Title page for ETD etd-03272008-115742


Type of Document Dissertation
Author Obanda, Diana Nasirumbi
Author's Email Address dokwara@yahoo.com
URN etd-03272008-115742
Title Biotransformation of Organic Wood Preservatives by Micro-organisms
Degree Doctor of Philosophy (Ph.D.)
Department Renewable Natural Resources
Advisory Committee
Advisor Name Title
Todd F. Shupe Committee Chair
Brian Hales Committee Member
Margaret Reams Committee Member
Quinglin Wu Committee Member
W. Ramsay Smith Committee Member
Keywords
  • bacteria
  • Biotransformation
  • molds
  • wood
  • preservatives
  • organics
  • tebuconazole
  • efficacy
  • tolerance
Date of Defense 2008-02-27
Availability unrestricted
Abstract
Wood products are treated with biocides to prevent biodegradation by bacteria, fungi, and insects. Much attention is being directed towards testing of metal-free organic preservative systems. The major disadvantage of organics is that they are biotransformed by micro-organisms in soil and wood.

This study explored the biotransformation of the fungicide tebuconazole by a bacteria species (Pseudomonas fluorescens), the mold (Trichoderma harzianum), the white rot fungus (Phanerochaete chrysosporium) and the brown rot (Meruliporia incrassata). After incubation of cultures spiked with tebuconazole, samples were analyzed for chemical remaining and metabolites. M. incrassata, T. harzianum, and the bacterium all cleaved the 1, 2, 4 triazole ring on tebuconazole and performed oxidation reactions forming the alcohol and carboxylic acid oxidation products of the tert butyl moiety on tebuconazole. P. chrysosporium which exhibited the lowest minimum inhibitory concentration (highest tebuconazole efficacy), did not degrade tebuconazole to measurable amounts. T. harzianum, with the highest MIC (lowest efficacy), degraded tebuconazole to the largest extent and tolerated it at concentrations below 200ppm. These suggested that the ability of a fungus to degrade a biocide contributes to the efficacy.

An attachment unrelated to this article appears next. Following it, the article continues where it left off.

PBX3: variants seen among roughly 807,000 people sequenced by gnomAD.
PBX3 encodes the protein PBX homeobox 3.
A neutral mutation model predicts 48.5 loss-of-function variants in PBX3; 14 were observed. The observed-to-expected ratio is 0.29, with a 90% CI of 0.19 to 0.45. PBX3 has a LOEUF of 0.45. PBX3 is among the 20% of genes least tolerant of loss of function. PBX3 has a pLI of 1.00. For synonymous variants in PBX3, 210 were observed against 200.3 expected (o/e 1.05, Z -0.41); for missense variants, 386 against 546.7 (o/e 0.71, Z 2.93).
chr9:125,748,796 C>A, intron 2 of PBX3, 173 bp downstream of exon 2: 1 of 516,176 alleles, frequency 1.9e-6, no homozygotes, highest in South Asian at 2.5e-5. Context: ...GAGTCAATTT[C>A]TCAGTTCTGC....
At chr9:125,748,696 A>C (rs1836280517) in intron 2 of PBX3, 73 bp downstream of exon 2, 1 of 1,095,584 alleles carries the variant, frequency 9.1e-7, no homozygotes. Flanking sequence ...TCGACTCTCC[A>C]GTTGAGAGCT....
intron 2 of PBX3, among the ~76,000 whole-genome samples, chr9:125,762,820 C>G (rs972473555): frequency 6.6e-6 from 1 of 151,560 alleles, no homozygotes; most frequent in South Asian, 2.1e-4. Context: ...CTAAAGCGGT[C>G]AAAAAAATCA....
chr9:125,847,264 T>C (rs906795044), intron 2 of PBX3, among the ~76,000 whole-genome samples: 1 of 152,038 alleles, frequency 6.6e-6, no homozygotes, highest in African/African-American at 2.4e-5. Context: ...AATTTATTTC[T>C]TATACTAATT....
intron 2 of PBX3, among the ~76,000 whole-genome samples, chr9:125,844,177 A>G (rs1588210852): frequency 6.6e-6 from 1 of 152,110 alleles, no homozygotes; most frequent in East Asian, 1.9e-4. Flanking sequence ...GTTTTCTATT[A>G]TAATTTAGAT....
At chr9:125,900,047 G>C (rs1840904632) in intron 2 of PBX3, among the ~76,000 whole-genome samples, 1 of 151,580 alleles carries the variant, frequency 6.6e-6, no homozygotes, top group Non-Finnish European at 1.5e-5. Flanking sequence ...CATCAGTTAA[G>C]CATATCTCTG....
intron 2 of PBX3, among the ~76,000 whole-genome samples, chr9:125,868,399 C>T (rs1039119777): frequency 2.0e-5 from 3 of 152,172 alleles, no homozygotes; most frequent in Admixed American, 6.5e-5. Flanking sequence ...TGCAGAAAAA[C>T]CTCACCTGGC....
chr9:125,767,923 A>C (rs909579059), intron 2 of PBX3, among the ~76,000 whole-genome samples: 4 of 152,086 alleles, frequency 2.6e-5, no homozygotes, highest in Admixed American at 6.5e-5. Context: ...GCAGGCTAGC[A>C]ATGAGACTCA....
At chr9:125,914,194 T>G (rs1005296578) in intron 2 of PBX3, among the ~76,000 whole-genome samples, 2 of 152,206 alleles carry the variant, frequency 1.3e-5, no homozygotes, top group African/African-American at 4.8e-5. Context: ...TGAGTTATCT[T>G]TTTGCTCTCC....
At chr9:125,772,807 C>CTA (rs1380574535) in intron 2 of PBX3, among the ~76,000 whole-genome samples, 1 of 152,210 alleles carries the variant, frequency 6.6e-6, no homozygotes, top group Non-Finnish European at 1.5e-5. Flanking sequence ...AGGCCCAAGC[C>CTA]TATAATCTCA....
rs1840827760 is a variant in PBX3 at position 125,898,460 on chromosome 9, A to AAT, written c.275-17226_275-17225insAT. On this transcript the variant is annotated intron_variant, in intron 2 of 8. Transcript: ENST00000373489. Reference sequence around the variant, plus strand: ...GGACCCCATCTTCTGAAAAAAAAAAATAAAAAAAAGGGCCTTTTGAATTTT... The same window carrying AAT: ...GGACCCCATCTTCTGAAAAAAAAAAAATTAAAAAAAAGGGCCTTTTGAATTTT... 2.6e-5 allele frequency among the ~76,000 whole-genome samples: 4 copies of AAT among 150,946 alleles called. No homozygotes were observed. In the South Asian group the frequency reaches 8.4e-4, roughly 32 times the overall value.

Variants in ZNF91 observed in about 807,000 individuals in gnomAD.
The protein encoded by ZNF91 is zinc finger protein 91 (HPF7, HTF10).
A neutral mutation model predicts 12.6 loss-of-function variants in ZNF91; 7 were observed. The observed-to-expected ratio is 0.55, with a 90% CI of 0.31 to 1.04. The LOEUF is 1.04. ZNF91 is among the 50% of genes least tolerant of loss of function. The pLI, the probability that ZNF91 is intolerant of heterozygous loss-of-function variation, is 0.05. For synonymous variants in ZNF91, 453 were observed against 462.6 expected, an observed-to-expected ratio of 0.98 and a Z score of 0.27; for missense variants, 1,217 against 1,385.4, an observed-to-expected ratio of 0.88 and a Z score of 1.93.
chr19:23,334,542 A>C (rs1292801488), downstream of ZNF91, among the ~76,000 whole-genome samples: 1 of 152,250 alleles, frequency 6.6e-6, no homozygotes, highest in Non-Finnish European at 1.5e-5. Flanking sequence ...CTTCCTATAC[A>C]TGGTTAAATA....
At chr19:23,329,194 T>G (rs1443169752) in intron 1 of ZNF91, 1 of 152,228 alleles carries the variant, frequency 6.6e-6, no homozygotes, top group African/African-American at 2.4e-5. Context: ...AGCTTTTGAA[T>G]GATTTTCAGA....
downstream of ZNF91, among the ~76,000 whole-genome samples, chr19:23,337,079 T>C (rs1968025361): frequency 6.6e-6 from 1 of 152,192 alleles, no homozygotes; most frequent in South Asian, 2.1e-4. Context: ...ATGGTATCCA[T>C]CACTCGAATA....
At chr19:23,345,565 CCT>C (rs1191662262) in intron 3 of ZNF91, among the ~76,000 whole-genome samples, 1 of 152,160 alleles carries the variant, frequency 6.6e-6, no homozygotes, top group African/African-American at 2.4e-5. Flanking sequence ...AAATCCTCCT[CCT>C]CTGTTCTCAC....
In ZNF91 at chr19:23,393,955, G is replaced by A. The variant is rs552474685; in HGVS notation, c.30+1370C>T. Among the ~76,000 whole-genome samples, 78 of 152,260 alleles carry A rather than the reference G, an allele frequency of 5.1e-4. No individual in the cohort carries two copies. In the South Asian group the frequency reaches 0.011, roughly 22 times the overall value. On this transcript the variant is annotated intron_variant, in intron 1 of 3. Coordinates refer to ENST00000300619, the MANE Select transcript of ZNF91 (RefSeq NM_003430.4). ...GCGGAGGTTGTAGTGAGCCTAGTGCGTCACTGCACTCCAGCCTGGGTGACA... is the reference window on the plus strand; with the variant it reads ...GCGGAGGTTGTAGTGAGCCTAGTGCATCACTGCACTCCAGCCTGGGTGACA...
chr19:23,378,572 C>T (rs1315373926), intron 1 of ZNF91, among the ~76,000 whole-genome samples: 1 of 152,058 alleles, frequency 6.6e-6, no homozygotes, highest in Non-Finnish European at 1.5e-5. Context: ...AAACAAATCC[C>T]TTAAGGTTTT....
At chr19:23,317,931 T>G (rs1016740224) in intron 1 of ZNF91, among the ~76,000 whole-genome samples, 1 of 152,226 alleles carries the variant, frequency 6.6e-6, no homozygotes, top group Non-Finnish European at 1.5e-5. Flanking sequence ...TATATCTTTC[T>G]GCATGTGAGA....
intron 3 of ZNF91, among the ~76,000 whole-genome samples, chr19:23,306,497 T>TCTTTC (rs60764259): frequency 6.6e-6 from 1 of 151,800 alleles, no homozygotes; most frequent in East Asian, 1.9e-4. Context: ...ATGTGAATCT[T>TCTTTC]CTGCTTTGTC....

The oxidation of tebuconazole was reduced when P450 inhibitors were added to the cultures leading to the conclusion that enzymes involved in the oxidation are cytochrome P450 dependent. Furthermore, the microsomal extract from T. harzianum exhibited a maximum peak at 440-460nm when CO was bubbled into Na2S2O4 treated samples. Testing metal chelators EDTA and TEMED as synergistic additives to tebuconazole showed that EDTA reduced the magnitude of oxidation most likely by binding ions important in the enzymatic system. TEMED had no significant effect while the P450 inhibitors PB and ABT gave the best performance in terms of reducing tebuconazole depletion. T. harzianum was able to germinate and grow in the presence of tebuconazole and all additives used leading to the conclusion that in addition to biotransformation, there are other mechanisms which this species uses to tolerate tebuconazole. While molds and bacteria species are not responsible for decay, they may metabolize a biocide into a less potent derivative making the environment more suitable to wood degrading basidiomycetes and insects.

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